shooting with the fujifilm x-pro2

I got a chance to test the X-Pro2 almost two months prior to its public announcement on Friday 15th of January 2016. I spent a lot of time with this camera, mostly in Tokyo where I was actually testing it for Fujifilm. My technical knowledge of cameras is relatively limited and there is plenty of articles floating around the internet that focus on reviewing the camera's specs. Instead, I'm going to focus on the pure experience of shooting with the X-Pro2 and why I like it's output.

Being handed an X-Pro2 was a significant change for me as I was in the middle of shooting for a photography book and traveling with the X-T1 that I used for hours on a daily basis. As much as I love the feeling of holding the X-T1, I was glad when I saw the X-Pro2's surface wasn't made from the same material because I've had issues with the X-T1's rubber peeling off. In my hand, the X-Pro2 felt like it could handle a lot more heavy use. It's the heaviest camera of the whole X-Series, but using it still feels a lot lighter and more compact than shooting with a regular DSLR, despite arguably providing comparable results.

I'm a street-photographer, and not a particularly confrontational one, so shooting with a DSLR is almost impossible for me as I get too self-conscious and afraid that I'm annoying everybody around me. Just like the X-T1, the X-Pro2 sports an electronic (and therefore silent) shutter and a wifi that allows for the camera to be paired up with my phone in case I need to be particularly discrete. Being used to the tilting screen of the X-T1, getting used to shooting either through a fixed screen or the hybrid viewfinder took some time getting used to. In fact, I found myself going for slightly different shots when I had the viewfinder to my eye. Especially when shooting with the XF 35mm/1.4, I could see very well what's going on outside of the frame when looking through the optical viewfinder. This gave me a lot of control over what's on the edges of the frame as I could predict who or what's going to enter the frame next.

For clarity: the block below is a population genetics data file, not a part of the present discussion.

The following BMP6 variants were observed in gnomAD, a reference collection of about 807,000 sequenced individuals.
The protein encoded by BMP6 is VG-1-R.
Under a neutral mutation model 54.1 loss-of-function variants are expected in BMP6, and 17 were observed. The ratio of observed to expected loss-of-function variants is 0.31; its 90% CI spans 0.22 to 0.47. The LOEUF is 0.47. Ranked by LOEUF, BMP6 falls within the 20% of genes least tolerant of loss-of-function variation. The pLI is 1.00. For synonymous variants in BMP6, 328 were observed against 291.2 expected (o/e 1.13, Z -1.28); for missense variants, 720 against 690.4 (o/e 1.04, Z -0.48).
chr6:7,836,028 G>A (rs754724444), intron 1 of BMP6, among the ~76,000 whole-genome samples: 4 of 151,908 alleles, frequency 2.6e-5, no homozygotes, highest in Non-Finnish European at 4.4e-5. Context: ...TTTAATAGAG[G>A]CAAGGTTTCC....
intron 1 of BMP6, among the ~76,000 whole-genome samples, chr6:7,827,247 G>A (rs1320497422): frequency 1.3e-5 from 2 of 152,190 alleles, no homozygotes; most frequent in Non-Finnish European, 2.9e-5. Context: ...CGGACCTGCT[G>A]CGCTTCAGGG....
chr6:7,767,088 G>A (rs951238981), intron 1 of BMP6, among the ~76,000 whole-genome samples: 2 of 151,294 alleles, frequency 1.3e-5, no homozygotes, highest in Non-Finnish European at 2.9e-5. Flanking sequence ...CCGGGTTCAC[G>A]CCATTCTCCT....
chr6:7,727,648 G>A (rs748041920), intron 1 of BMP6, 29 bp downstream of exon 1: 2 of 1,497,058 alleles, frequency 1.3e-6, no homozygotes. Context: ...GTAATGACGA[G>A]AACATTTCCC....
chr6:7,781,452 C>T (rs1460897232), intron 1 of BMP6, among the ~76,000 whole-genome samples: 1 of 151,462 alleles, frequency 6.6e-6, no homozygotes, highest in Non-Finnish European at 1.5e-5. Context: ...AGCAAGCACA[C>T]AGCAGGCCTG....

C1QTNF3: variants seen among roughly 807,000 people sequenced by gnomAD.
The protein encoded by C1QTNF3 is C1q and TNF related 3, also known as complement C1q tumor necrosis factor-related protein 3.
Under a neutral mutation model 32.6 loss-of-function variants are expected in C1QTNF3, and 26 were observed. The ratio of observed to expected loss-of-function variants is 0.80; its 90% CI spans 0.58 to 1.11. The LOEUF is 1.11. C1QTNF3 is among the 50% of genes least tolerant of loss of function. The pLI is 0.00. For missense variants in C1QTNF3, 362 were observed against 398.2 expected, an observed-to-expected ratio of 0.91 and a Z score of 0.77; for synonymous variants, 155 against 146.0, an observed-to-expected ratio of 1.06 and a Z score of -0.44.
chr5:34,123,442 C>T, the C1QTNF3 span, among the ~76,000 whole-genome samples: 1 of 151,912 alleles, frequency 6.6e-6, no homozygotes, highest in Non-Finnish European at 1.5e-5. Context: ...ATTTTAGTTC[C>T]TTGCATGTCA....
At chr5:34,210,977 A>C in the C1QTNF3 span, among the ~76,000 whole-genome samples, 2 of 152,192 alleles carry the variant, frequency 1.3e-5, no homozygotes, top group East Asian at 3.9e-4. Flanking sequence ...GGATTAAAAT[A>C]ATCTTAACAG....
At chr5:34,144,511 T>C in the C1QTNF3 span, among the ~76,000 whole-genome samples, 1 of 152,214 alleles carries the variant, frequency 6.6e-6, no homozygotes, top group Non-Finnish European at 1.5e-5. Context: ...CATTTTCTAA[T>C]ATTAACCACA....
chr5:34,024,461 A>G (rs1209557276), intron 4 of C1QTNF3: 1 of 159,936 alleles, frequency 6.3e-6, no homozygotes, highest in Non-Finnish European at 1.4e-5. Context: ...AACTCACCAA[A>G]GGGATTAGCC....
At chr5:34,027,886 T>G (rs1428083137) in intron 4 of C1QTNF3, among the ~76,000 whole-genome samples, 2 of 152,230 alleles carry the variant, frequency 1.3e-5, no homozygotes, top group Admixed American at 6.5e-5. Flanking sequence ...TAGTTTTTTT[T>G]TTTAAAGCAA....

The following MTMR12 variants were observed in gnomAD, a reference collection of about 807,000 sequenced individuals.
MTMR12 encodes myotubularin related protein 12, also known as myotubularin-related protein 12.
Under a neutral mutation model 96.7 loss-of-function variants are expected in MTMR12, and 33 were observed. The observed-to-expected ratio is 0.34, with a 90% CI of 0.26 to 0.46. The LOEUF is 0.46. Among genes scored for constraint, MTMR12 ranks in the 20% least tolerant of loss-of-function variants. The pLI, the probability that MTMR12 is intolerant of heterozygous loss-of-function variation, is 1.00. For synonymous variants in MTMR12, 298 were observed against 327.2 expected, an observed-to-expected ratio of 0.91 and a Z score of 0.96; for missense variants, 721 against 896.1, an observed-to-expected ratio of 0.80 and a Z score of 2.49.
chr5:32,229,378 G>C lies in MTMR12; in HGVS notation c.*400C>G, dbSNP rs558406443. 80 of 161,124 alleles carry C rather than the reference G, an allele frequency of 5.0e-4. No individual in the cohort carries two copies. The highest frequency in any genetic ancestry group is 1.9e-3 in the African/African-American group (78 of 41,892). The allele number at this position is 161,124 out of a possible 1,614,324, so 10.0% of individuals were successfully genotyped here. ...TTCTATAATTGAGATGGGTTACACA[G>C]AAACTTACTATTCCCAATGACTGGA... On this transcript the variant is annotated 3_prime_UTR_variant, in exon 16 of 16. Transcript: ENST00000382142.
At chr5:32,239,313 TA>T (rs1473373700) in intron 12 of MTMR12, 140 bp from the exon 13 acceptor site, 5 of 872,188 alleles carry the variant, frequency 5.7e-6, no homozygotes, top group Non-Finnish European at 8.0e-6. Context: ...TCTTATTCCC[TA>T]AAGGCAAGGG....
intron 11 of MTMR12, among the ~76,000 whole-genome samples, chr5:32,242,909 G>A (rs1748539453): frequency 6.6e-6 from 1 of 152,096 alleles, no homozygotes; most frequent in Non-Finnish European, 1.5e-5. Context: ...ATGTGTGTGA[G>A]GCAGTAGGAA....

Another benefit of looking through the viewfinder is that because it's so close to my eye, I am better able to perceive the amount of things going on in the frame at the same time. I normally shy away from shooting particularly busy and complex scenes exactly because I feel like I'm not fast enough to take everything in at the same time. The viewfinder allowed for exactly that. It was refreshing. I also noticed that I feel a lot less like I'm trying to “steal” a photograph of someone as it is rather obvious that I'm taking photos when the camera is all the way up to my eye. Yet, looking into the viewfinder provided a sense of secure detachment from the scene as if I was looking into another world. I found certain comfort in that.

I am not going to write much about the ergonomics of the camera, the amount of customizable buttons and how great the joystick is at selecting the right focus point. You can read that elsewhere. Don't get me wrong, the fact that I literally never have to go into the camera's menu while shooting plays a significant role in choosing Fujifilm's cameras, but what really got me with this camera is the further improvement of color reproduction along with the increased 24 megapixel resolution. Fujifilm prides itself in its 80 years of experience in making film and understanding the nuances of color, and it really shows in the output of the X-Pro2. Colors pop here and the increased sharpness of the images further underlines this feature.